The poet and writer Dana Gioia penned an essay for the December 2013 issue of First Things titled “The Catholic Writer Today: Catholic Writers Must Renovate and Reoccupy Their Own Tradition.” The essay does not inspire much confidence in the state of “Catholic” writing at the beginning of the twenty-first century.
Our own Gregory Wolfe wrote a response published in Image issue 79, called “The Catholic Writer, Then and Now.” Mr. Wolfe’s essay consists in a broadening of the discussion to all Christian writers (Jews too). It also contains a strong pushback against Gioia’s mostly negative assessment.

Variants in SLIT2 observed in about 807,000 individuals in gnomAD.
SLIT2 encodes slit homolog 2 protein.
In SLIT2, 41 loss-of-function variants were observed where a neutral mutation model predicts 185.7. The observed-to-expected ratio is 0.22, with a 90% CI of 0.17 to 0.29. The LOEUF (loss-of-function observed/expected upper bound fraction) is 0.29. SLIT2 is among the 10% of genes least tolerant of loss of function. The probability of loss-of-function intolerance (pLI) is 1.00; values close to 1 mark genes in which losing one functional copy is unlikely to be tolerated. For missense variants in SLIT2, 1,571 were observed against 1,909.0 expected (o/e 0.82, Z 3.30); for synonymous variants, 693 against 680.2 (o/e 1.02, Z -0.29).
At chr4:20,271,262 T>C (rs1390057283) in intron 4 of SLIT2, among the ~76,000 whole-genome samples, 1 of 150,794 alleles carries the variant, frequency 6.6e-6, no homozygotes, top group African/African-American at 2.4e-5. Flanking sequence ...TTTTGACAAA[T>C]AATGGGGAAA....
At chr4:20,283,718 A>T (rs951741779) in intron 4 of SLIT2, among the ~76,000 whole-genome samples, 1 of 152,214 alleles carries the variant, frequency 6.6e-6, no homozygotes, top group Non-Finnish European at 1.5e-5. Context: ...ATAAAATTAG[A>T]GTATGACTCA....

In pushing back, Wolfe argues, against Gioia, that the problem is not so much that we lack good writers of faith, but that there is a general cultural unwillingness to recognize these writers of faith for what they are. Writers of faith, in short, are producing as many brilliant works of art as they ever were. It’s the public discussion that has gone silent.
In essence, Wolfe flips Gioia’s argument on its head. For Gioia, the primary factor in the decline of Catholic writers (and Christian writers more broadly) comes from the fact that the writers themselves “ceded the arts to secular society.” [Read more…]